Yes, I am extremely vain. And?

Into the aforementioned window of opportunity, I squeeze making myself breakfast-on-the-go, packing up my computer with all relevant papers and accoutrements, and rousing my 7-going-on-15 year-old daughter from her mattress — usually a feat best achieved when using an industrial spatula — or “schpachtel” as they are known here. Using my innate sense of persuasion, plus the usual hefty bribe, I succeed in my attempts, and she gets up, washed and dressed in a relatively short amount of time. Her brother is thankfully sleeping over at a friends’, greasing the wheels of my morning rituals to the extent that at 7.40 on the dot we are ready to go.

Quietly, I poke my head around the door at my slumbering husband, whose occasional yet thundering snores leave me believing that he’s still asleep. Clearly a far lighter sleeper than I suspected, in response to my tiny whispered “Bye, dear, we’re going..!” he rolls over with all the elegance of a phlegmatic walrus and mumbles “where you going?”

I adopt my best “ke’ilu duh” stance, and raise a sardonic eyebrow at him.

“Well, it’s Sunday, so, you know, I *thought* i’d pop into work. That place where they pay me to show up on a Sunday — remember?”

He rubs the sleep from one eye, and eyebrows back at me. (Dammit. I’ve taught him too well. Bugger.)

A beat, and then:

“It’s Saturday, you daft bint.”

Ahem.

See, the naturally blonde are a logistically challenged species. Not always, not all of us, but I am, and for the rest of my life.

Apparently.

😎

The best and worst concert I ever heard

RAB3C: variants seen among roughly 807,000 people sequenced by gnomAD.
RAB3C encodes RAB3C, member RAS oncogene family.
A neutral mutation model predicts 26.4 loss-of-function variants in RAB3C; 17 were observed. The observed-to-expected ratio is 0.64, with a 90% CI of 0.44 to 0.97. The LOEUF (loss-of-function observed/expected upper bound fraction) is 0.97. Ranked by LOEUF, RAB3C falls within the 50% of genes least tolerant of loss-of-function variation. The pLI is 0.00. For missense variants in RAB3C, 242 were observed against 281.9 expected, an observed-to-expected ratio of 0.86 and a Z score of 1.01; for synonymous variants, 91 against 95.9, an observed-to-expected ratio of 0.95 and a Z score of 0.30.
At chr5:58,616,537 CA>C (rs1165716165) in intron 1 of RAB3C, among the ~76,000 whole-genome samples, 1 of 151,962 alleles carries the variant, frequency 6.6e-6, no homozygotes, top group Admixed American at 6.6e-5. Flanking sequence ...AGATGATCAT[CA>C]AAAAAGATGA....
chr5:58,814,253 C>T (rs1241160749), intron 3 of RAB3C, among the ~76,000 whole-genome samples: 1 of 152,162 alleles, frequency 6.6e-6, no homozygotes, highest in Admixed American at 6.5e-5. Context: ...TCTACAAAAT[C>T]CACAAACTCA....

I have really wanted to see Dylan for years and years. And so last night, I went — but I couldn’t tell you that I thoroughly enjoyed it, because that, gentle reader, would be a big fat stonking fuck-off lie.

(Oh, by the way, if you faint at the sound or sight of the word fuck, you clearly haven’t spent much time with me.)

My husband is, I believe, his biggest fan. Ever. Not just in the country, not even just in the entire EMEA landmass. His. Biggest. Fan. Ever. Anywhere.

Anyone who knows my husband, knows that his love for me comes second — that Dylan is his one true love. (In an esoteric and entirely non-sexual way.)  He listens to his music almost-but-not-quite exclusively, refers to him as the king (sorry, Elvis fans, your guy has truly left the building as far as my husband is concerned), reveres him thoroughly and quotes him at the drop of a hat. He actually described our wedding as “a really good night, almost as good as the Dylan concert in the Mann auditorium”.

I shit you not.

The idea of seeing such a powerful and significant figure — literally, a living legend in the music industry over the past 50-odd years also resonated with me, and enormously so. It seemed incontheivable that such an event would not pay off, emotionally, and artistically — whatever the outcome.  I’ve been a fan of his poetry for many years, although his more recent music, while good and enjoyable, is not my most beloved cup of tea (although it is up there with other teacups, to fully stretch a metaphor).

So when I heard that Dylan and Paul Simon were coming to Israel this summer, I was all gung-ho and excited about seeing two living legends — one of whom I’d already seen (Rhythm of the saints, Wembley, 1990) and the other who has pretty much accompanied my relationship and 14-year marriage like a sort of musical gooseberry.

A quick review of the financial situation, and my good sense quickly indicates to me that it will have to be one or t’other. I was torn. What to do? Then my sister, god bless her, helped make the decision for me, by asking, pleading and finally guilt-tripping me into babysitting my nephews so that she and her husband could go to see Paul Simon. (“You know how difficult it is for Elder Nephew to get to sleep, and with any other babysitter he’ll never sleep and it’ll be a complete nightmare and he won’t sleep which means none of us will sleep properly for a week, and I haven’t slept properly since Younger Nephew was born, and we never get to go out anywhere beyond 9 o’clock in the evening anymore, and please please please please do this for me!!!“)

All that guilt-tripping worked. Although, since I am not without guilt-tripping powers of my own, i have managed to bag myself a Paul Simon t-shirt as a babysitting fee. Heck, I missed Paul McCartney and survived — I’ll survive this too.